If the private sector’s not doing it, doesn’t mean it’s not worth doing!

Regular readers will know I favour a policy known as the job guarantee. This is where the government pays the wages of anyone willing and able to work, but unable to find it. This appeals to me because I believe the following things are true:

  • In our society, working (either for yourself or an employer) is seen as the norm; part of being a good member of society;
  • Doing a job of work that people think is worthwhile brings a lot of benefits in terms of mental and physical health;
  • People consciously or unconsciously understand this and most people want to work;
  • People shouldn’t have to work for wages below a level which allows them a reasonable standard of living;
  • Without active government involvement, there will never be enough jobs for all or enough jobs paying a socially acceptable wage.

So I am fully signed up to the idea that a job guarantee would be a very fine thing. Convincing others of the merits of this idea is much more difficult than I thought though! A lot of people accept there aren’t enough jobs, that wages are too low and that work is becoming more and more casualised. Despite this, they would rather leave people unemployed than have the government actually create jobs. I’m not quite sure why this is, but I it’s partly a lack of imagination (what would they do/non-jobs/digging holes and filling them in etc), and partly the usual “nice idea, but how will you pay for it” response.

It also seems to be received wisdom that the profit motive ensures that everything worth doing is already being done by the private sector, and if the private sector is not doing it, it must not be worth doing. It’s this argument I want to address now by suggesting a few areas either not being delivered or are under-delivered by the private sector, but are nevertheless quite worthwhile!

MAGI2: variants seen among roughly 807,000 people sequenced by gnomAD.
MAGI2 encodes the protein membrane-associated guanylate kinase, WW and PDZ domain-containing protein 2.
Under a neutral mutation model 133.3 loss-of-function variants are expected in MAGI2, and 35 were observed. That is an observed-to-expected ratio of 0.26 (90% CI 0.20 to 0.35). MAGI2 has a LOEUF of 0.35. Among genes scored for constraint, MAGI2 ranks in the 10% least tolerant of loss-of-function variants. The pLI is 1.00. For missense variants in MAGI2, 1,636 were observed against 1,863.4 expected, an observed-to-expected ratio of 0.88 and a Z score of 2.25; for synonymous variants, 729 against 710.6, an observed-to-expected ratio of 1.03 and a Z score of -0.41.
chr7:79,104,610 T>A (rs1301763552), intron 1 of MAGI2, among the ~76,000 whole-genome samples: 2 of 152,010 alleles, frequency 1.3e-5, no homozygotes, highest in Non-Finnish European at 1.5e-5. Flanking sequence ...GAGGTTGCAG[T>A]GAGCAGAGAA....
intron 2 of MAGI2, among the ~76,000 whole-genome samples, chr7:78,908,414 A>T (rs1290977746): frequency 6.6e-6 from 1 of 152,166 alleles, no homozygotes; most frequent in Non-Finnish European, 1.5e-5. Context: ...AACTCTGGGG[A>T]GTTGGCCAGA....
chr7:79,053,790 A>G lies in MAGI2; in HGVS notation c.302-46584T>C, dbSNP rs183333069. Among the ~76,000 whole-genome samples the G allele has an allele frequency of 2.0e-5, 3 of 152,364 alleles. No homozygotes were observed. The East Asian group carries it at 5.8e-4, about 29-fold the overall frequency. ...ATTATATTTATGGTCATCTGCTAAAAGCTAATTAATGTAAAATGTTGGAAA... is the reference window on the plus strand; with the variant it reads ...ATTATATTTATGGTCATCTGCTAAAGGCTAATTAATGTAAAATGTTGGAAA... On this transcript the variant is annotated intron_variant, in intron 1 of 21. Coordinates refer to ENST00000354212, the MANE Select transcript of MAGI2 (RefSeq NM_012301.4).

1. Adult social care – We are often told there is a crisis in adult social care. At present, private sector companies are contracted to provide a lot of the home visits to the elderly an infirm. Contracts are often awarded to the lowest bidder, which means these services are delivered on the cheap. Staff are often on zero-hours contracts, poorly paid and only permitted to spend 15 minutes or at most half an hour on each visit. They are often not even paid for travelling between visits! So why not train up some of those willing and able to work, and pay them to provide a much more comprehensive service to people in need? This would help take the pressure off our hospitals if people are being well cared for in their homes, and allow resources in the NHS to be better targeted.
  2. Sports/Fitness coaches – As well as an adult social care crisis, there is also an obesity crisis. We could train people to deliver sports coaching to kids on a much wider scale. There are a lot of sports that require very little equipment, but with a coach who can inspire and importantly, a service that is free or heavily subsidised for the user, we could start to reverse the obesity trend. This again reduces expense in the long term on the NHS and kids who are fit and active do better in school.